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Acer 1350 laptop running slowly
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Posted September 6, 2011 at 6:38PM
Laptop running fine until a couple of days ago. Running xp with S.Pack 3 , 2GB ram. Have got rid of junk etc. Task manager stats:
Physical: Total 2062832 AV. 702800 System cache 797200
Commitchange? Peak: 1479368
CPU usage: 100% [with pcadvisor running].
Peak Usage 1.22gb
I have 5.13gb free space.
In Applications, I seem to have 3 Iexplorers running?
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Posted September 6, 2011 at 7:02PM
a) Clear out all temporary files and folders -- use CCleaner http://www.piriform.com/ccleaner/download
Free Antivirus software MicroSoft Security Essentials http://www.microsoft.com/security/products/mse.aspx Avast http://www.avast.com/en-gb/free-antivirus-download
c) Clean the registry -- Use the tool in Crap Cleaner its very safe and also allows you to back up the registry first.
d) Pagefile (Virtual Memory) -- Right click MY Computer - select properties - Advanced tab - Performance - advanced tab - Virtual memory click change, you can put the page file on a different drive (if you have one), click custom size and set Initial size to one and a half times the amount of memory you have fitted i.e. 512MB memory = set to 768MB, set maximum to double your memory amount i.e. 512MB memory = 1024MB click ok. If your hard drive is full and there is not enough room for the pagefile this can slow down, freeze or even cause the PC to crash (restart).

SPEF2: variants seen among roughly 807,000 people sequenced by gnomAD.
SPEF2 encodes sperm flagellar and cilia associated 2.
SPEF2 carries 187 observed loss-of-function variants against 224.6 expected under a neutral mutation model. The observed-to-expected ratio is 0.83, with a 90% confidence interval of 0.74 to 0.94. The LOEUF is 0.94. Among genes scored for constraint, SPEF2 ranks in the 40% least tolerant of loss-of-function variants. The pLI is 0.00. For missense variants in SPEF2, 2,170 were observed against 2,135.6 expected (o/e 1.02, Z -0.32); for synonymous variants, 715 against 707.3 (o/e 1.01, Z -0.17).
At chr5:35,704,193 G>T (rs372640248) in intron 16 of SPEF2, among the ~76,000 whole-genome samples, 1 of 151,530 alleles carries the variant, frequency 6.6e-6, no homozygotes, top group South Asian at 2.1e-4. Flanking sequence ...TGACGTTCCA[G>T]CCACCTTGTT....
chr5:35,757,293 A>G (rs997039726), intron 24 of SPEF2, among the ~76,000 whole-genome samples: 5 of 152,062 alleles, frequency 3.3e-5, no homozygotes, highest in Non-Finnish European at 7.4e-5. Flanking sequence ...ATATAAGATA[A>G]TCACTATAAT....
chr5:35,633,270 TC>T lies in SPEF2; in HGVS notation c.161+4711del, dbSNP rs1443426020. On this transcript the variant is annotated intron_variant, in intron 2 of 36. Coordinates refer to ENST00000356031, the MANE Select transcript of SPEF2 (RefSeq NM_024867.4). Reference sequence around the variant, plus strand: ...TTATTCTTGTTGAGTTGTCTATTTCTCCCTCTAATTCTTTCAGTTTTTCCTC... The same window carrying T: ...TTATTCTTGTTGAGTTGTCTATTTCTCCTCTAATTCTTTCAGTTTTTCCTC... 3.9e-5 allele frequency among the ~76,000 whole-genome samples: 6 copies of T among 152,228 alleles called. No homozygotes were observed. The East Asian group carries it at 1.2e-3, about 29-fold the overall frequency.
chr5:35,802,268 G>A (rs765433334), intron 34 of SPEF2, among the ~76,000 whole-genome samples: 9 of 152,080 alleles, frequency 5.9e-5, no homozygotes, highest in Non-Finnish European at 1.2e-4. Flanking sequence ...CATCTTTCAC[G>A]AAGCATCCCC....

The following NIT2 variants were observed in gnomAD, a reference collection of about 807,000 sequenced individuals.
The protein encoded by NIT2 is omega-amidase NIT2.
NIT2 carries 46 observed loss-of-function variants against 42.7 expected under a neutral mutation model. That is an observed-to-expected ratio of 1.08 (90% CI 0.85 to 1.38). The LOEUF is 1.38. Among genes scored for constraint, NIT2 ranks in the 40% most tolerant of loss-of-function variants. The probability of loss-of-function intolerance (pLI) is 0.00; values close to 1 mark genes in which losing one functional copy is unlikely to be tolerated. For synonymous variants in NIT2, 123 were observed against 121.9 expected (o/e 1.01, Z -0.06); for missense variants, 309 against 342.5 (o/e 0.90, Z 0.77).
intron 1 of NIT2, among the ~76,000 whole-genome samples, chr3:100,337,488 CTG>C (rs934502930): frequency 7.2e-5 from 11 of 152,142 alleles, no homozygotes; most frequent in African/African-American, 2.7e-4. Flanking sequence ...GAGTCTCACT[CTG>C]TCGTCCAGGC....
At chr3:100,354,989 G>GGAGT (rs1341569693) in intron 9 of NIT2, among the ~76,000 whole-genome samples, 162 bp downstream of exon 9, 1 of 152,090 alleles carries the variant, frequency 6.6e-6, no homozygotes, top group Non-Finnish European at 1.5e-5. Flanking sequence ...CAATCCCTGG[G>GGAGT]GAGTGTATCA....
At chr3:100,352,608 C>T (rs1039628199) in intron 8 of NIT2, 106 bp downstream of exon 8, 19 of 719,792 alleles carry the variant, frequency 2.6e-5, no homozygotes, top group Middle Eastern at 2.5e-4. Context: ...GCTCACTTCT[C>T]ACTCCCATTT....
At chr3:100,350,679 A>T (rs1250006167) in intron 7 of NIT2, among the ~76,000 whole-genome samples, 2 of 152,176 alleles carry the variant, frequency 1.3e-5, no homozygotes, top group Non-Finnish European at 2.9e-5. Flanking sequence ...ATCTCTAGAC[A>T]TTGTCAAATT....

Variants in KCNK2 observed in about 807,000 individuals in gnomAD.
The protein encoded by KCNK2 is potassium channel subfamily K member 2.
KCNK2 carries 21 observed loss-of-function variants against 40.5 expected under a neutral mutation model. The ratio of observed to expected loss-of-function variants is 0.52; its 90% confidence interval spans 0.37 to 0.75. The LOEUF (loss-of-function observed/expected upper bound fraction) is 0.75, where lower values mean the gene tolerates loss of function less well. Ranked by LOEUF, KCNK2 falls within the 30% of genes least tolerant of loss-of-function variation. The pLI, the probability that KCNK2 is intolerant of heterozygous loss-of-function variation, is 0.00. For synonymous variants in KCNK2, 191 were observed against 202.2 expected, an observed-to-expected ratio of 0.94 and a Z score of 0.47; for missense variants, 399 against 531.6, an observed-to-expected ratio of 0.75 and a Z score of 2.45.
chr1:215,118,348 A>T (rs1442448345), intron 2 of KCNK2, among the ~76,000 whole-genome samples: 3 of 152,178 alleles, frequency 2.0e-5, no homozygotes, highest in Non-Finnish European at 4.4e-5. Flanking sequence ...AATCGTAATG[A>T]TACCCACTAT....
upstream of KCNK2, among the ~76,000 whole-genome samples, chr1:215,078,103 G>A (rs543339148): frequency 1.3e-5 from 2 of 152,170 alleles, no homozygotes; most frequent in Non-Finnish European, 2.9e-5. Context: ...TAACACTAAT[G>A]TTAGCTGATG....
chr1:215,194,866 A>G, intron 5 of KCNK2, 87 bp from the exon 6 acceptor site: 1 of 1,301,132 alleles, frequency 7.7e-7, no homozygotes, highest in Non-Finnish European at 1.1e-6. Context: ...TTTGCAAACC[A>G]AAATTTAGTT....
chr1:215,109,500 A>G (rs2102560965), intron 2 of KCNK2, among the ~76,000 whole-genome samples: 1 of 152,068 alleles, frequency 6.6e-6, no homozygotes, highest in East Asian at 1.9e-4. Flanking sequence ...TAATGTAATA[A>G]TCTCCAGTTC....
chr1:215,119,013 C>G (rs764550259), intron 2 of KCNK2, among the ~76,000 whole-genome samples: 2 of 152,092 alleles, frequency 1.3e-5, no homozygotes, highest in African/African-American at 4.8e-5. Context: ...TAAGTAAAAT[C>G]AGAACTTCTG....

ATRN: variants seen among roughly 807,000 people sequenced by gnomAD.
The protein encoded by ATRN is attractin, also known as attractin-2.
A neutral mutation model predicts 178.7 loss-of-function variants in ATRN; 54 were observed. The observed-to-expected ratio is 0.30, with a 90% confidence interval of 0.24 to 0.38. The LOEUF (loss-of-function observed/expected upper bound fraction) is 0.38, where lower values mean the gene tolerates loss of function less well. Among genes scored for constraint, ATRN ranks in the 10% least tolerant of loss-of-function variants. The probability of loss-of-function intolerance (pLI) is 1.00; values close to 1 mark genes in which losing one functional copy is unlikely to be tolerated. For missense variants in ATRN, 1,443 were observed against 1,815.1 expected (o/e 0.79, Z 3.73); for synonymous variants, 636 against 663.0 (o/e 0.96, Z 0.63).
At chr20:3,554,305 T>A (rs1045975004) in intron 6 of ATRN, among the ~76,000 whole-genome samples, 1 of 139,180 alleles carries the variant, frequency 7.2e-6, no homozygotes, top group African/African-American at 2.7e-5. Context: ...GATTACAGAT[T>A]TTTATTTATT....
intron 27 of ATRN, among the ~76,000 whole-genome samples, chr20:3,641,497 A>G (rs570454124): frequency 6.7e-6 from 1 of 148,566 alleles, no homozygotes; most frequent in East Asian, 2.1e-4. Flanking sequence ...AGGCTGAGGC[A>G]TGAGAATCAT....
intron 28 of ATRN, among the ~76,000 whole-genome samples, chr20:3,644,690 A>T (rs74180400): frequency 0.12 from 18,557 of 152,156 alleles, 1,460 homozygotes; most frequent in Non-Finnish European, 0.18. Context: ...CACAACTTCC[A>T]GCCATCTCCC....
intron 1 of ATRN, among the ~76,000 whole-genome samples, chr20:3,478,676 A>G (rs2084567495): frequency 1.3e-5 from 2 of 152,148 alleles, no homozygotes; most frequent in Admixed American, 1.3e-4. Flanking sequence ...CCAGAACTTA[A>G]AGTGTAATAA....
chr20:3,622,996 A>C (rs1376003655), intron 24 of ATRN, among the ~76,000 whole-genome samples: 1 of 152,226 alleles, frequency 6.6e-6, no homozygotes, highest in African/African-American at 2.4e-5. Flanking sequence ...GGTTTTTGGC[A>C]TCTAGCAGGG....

e) Cut down on the programs that load at start up -- Start - Run type msconfig - start up tab- untick everything except for firewall, antivirus and antispyware
and the services that run in the background. http://www.blackviper.com/
a) Hard drives /
i) IDE Channels: (Not required if you have SATA drives) Check the transfer rate, you need to have the transfer mode set to DMA not PIO. Right click My Computer - Properties - Hardware - Device Manager - Expand (click the + ) IDE ATA/ATAPI controllers right click Primary Channel - Advanced Settings Tab - If transfer Mode is PIO then follow the instructions at http://forum.digital-digest.com/showthread.php?t=61905 to change.
ii) Check for errors and defrag your hard drives -- My Computer - select drive - properties - tool tab - Error checking / Defragmentation.
ii) If you are using Windows XP, Vista or Windows 7 it's a good idea to convert your system drive to the NTFS file system if you have not already. In addition to providing numerous security and data recovery improvements over FAT32 (the file system of choice for Windows 9x/ME and XP Home) it can also speed up your system slightly.